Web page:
A man pushes a bicycle past the People’s Bank of China (PBOC) headquarters in Beijing, China.
© 2016 Bloomberg Finance LP
In terms of arguments against the long-term price appreciation of the Bitcoin price, one of the most commonly held beliefs is that something better will eventually come along and replace the world’s first major cryptocurrency. A more specific version of this argument comes in the form of Bitcoin eventually being overtaken by a new digital currency owned and operated by a government or corporation.
However, this theory is based on a complete misunderstanding of why Bitcoin is useful in the first place. In reality, central bank-issued digital currencies, such as the project being worked on in China, would only further solidify Bitcoin’s role as an uncontrolled, apolitical form of money in a digital age.
Centralized Competitors Would Only Help the Bitcoin Price
It is sometimes easier to understand Bitcoin’s value proposition when the current move towards a cashless society is extrapolated out another ten or twenty years down the road. If governments are in complete control of the world’s financial system at that time, then the situation looks rather grim, with it becoming much easier to track all transactions, inflate the money supply, seize savings, and strengthen other forms of financial control over the general public.
This is why it is necessary for something like Bitcoin to exist. And the utility of Bitcoin as a difficult to seize, censor, or inflate asset where each individual is in complete control of their money becomes much more apparent in this dystopian scenario.
Indeed, a recent report indicates Bitcoin’s lack of correlation to traditional financial assets as a key driving force behind financial advisors adding the crypto asset to their clients’ portfolios. Data from 2019 appears to back this thesis of Bitcoin’s growing utility as a “digital gold” of sorts.
In terms of competition from other cryptocurrencies meant to be decentralized, many investors think the competition to become the major digital store of value is already over. The altcoin market’s severely poor performance against Bitcoin over the past couple of years lends support to this thesis. Additionally, the further development of innovations like sidechains could make matters even worse for alternative crypto assets like Ether and Ripple’s XRP.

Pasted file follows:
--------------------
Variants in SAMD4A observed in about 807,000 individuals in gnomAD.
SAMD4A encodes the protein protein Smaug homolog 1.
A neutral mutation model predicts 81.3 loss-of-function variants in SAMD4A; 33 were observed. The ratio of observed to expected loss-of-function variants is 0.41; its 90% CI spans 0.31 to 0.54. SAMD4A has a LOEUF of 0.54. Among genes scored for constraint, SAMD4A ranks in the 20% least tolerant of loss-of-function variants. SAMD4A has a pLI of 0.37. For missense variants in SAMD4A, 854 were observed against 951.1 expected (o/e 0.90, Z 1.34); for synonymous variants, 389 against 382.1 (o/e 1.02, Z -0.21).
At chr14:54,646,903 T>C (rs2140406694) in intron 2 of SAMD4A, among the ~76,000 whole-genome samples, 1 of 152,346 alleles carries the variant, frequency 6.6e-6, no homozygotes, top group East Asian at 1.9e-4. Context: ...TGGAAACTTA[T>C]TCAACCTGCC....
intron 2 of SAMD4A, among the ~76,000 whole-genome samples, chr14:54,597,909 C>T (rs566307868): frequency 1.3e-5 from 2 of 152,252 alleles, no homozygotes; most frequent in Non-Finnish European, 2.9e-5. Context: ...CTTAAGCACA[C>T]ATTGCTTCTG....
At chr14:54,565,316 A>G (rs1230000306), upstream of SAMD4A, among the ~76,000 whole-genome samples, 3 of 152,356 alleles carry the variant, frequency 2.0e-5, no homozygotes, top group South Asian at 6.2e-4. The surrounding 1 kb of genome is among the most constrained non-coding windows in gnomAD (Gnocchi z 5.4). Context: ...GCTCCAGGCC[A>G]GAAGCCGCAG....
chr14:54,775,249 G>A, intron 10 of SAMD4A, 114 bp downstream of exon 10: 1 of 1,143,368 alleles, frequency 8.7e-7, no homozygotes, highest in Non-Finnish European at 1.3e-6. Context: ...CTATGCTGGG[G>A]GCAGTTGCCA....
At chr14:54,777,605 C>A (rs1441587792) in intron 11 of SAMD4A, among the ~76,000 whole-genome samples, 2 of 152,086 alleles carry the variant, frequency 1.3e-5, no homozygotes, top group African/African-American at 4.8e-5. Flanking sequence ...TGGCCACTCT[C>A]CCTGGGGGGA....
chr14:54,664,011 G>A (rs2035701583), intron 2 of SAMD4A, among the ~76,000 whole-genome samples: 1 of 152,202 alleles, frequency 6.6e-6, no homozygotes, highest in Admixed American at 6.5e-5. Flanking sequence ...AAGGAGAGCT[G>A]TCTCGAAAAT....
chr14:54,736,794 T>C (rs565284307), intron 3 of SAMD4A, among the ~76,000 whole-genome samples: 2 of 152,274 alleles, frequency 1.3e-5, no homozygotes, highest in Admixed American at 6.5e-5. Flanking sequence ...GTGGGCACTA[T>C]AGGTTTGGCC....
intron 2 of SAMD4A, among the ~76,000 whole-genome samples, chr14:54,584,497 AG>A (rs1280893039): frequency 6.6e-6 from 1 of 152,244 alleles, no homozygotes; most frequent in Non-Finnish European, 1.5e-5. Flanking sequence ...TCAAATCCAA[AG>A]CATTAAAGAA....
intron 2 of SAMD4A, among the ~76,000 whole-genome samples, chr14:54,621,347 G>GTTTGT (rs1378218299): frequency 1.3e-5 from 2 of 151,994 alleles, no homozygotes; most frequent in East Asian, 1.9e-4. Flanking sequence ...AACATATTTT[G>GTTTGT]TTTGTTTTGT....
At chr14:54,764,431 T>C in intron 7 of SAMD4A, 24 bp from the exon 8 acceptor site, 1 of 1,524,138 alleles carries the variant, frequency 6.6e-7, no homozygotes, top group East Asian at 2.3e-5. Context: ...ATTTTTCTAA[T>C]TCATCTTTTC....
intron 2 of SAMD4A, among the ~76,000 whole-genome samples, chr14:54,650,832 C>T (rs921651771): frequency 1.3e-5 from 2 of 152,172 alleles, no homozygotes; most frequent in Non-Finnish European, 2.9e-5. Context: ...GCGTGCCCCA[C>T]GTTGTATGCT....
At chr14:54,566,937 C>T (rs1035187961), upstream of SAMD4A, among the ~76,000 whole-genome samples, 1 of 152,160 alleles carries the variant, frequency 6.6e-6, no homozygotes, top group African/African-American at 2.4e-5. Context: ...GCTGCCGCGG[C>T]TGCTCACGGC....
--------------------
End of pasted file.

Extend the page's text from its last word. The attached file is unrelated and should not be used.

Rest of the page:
Of course, Bitcoin is far from perfect as it exists today. For example, one large miner recently warned that better privacy is needed in the cryptocurrency network.
The Trend Has Already Begun
The idea that central banked-issued digital currencies would help make the case for Bitcoin is not completely theoretical, as a similar phenomenon already took place last year with Facebook’s Libra announcement. The level of centralization involved with Facebook’s digital payments initiative was a learning experience for people who didn’t quite understand what Bitcoin was all about. One U.S. congressman even recommended Facebook simply adopt Bitcoin instead of creating a new digital currency from scratch.
Additionally, Congressman Brad Sherman (D-CA) appears to understand the threat Bitcoin represents to the United States’s control over the global economy, pointing out that Bitcoin is intended to displace the U.S. dollar as the reserve currency for most of the world.
At least one industry executive believes the Bitcoin price will reach $50,000 in 2020 due to this potential utility of Bitcoin as an apolitical store of value for the entire world.